Hot movies like “Avatar,” “The Twilight Saga: New Moon,” and “The Blind Side” helped paint an improving picture of Carmike Cinemas’ profits in the fourth quarter of 2009, while also giving earnings enough of a boost to limit the company’s financial damage for the full year.
“Q4 was a record-setting quarter for the industry domestically, with nine films grossing in excess of $100 million, capping off a very good year for U.S. cinema as movies generated receipts in excess of $10 billion for the first time in history,” David Passman, Carmike’s president and chief executive officer, said Monday in reporting the Columbus-based movie-theater chain’s earnings.
The company, which operates 244 theaters (2,277 screens) in 35 states, posted a quarterly profit of $6 million on total revenue of $137.4 million. That compares to a $34.6 million loss on $117 million in revenue during the same October-December period a year ago.
Overall in 2009, the motion-picture exhibitor reported a $15.4 million loss on total revenue of $514.7 million, compared to a $41.3 million loss on $427.7 million in revenue the prior year.
For shareholders, the fourth-quarter performance translates to earnings of 48 cents per share, compared to a $2.73-per-share loss in the same period a year ago. For all of 2009, earnings fell $1.19, compared to a $3.24-per-share plunge the year before.
Carmike handily beat the expectations of a half-dozen Wall Street analysts surveyed by financial research firm Thomson Reuters. They were anticipating a profit of 9 cents per share for the quarter and a loss of $1.64 per share for the year.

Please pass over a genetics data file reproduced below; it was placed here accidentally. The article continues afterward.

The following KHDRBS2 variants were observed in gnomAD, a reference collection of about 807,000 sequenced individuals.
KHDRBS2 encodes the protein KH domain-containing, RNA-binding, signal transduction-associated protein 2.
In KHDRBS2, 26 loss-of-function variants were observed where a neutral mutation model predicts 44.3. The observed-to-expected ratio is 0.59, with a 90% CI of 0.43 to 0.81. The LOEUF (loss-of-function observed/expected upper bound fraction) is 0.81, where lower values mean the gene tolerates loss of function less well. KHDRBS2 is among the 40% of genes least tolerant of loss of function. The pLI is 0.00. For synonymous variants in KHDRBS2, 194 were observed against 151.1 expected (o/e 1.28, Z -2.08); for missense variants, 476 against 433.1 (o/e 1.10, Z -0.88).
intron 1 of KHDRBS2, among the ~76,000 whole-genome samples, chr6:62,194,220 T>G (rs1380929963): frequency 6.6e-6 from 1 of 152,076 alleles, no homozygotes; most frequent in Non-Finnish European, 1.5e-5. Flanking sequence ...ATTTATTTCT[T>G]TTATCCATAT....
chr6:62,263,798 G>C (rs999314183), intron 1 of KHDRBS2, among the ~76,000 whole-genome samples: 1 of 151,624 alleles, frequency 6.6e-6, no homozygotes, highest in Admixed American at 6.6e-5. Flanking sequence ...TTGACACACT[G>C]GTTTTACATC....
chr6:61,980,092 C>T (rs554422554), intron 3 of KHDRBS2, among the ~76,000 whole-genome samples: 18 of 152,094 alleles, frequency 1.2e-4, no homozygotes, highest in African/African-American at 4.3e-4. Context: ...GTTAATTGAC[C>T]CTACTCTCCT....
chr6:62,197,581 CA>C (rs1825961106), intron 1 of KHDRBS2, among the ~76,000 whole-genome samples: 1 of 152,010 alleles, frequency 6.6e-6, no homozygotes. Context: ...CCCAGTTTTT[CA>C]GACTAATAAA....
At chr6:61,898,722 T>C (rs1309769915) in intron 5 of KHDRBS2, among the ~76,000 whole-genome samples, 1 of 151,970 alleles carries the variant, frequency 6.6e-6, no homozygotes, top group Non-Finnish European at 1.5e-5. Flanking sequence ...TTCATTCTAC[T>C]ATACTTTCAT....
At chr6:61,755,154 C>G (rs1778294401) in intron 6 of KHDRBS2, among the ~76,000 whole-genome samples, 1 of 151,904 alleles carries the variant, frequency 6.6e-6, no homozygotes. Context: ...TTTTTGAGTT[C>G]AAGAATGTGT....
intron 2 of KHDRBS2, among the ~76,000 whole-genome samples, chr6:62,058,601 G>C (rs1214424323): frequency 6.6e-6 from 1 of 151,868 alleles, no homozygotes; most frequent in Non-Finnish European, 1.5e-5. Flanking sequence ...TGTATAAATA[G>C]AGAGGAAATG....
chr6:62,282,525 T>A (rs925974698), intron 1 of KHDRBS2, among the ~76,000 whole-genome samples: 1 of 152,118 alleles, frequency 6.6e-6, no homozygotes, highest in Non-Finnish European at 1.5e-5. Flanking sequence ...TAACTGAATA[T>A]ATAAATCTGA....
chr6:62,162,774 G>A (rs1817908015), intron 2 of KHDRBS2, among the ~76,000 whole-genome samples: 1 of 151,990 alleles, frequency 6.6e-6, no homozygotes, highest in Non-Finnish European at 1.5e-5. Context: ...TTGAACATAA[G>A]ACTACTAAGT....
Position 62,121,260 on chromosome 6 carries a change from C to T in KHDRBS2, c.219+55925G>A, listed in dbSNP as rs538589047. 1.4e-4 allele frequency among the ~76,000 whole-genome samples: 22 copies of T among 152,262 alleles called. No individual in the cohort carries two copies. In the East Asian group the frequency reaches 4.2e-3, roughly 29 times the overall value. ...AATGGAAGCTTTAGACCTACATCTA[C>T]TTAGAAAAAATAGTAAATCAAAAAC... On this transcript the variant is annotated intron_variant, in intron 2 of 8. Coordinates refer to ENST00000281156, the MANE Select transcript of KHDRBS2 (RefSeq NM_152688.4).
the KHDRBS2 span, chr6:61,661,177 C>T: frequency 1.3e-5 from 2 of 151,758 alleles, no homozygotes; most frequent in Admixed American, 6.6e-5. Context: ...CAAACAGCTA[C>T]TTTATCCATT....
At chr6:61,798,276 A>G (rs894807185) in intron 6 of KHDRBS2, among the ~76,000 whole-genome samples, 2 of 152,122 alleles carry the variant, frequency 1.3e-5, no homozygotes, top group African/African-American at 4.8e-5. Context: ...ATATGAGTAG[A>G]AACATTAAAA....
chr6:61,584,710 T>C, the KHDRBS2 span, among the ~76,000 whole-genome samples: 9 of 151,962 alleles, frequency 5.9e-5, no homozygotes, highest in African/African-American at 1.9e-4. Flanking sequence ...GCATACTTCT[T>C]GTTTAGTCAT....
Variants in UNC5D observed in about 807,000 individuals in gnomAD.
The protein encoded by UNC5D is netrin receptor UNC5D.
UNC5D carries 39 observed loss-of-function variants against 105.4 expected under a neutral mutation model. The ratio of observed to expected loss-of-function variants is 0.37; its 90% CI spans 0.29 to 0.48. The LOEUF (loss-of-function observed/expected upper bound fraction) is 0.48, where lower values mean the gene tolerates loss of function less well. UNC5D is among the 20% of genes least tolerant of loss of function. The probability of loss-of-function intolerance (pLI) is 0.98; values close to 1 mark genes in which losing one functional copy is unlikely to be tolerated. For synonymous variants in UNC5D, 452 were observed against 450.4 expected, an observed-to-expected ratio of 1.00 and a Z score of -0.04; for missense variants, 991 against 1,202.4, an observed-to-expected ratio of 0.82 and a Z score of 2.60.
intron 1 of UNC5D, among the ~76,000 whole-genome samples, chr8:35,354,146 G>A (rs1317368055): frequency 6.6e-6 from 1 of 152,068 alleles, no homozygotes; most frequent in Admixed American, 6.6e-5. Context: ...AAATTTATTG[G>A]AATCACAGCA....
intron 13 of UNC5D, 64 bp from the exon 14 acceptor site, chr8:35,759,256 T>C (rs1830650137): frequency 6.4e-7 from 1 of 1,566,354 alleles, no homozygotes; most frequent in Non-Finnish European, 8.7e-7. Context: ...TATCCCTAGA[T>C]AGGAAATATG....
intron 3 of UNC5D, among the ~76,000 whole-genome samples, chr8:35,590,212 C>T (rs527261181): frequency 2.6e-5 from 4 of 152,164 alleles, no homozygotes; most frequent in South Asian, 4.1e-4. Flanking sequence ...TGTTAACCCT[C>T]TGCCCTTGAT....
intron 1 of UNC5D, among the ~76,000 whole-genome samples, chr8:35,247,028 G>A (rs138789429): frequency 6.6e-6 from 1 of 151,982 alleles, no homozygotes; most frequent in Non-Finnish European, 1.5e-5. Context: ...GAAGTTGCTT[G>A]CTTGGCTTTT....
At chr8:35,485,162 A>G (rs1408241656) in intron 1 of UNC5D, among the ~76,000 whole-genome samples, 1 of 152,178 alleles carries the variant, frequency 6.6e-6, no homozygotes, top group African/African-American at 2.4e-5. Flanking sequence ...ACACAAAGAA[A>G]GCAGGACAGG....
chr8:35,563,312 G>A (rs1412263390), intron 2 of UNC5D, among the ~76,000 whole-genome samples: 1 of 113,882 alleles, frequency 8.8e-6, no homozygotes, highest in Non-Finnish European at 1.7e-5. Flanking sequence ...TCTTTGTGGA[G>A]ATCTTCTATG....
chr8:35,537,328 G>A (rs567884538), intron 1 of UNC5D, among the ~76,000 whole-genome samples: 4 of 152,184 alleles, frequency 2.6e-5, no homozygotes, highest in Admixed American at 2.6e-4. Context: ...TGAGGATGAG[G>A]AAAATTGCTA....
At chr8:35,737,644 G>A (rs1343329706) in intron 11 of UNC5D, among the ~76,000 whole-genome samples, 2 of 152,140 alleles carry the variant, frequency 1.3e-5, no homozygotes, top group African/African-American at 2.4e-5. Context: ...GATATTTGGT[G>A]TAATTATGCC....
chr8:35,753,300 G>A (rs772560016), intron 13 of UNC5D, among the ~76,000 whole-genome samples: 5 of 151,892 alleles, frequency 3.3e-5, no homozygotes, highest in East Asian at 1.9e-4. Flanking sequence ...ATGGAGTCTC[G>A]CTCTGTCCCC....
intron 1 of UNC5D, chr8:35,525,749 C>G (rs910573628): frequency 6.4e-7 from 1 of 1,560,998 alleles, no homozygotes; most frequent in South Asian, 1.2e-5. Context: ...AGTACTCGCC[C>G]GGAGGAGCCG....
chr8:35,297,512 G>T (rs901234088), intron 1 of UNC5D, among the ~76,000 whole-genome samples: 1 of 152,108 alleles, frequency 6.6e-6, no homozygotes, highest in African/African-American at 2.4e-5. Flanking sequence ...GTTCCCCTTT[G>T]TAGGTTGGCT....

Passman pointed to a 12-percent increase in attendance and a 20-percent jump in box office receipts as two key drivers behind the strong fourth quarter. The company also continued to keep expenses in check, he said. All of that combined to boost cash flow 25 percent and give the firm nearly $27 million in “earnings before interest, taxes, depreciation and amortization,” he said.
Movie fans, meanwhile, continued to shell out more overall at Carmike theaters lasts year.
Average admission prices per patron rose primarily because of ticket price increases throughout the year and the fees the chain charges 3-D movie-goers for special glasses used to view the technology, said Richard Hare, Carmike’s chief financial officer.
Concessions, meanwhile, were essentially flat, he said, with the company’s “Stimulus Tuesday” promotion of $1 drinks and popcorn and $2.50 candy eating into revenue from refreshment sales.
“This popular promotion has driven solid attendance gains on what was historically the slowest night of the week,” Hare said.
Each patron spent an average of $10.15 each visit in the record-setting fourth quarter, the company said. Average ticket price in the quarter was $6.91, up from $6.45 a year ago.
Looking ahead, Passman said the company has its work cut out for it financially as this year plays out.
“We recognize that 2010 will be challenging as we face record comparisons,” he said. “But we believe our ability to offer 3-D movies on more than 500 screens remains an advantage. And we are optimistic about our 2010 prospects given an upcoming slate that includes many promising 3-D titles, as well as highly anticipated traditional movies.”
Carmike also noted it recently finalized two lower-interest credit lines — one for $265 million and another for $30 million — that it can tap if needed. Hare said the move should give the firm more “financial flexibility” and that it was comfortably in compliance with its debt ratios as of Dec. 31.
Shares of Carmike Cinemas Inc. (Ticker: CKEC) rose 40 cents, or 4.4 percent, to $9.50 in trading Monday on the Nasdaq exchange. The stock’s 52-week trading range is $1 to $11.54 per share.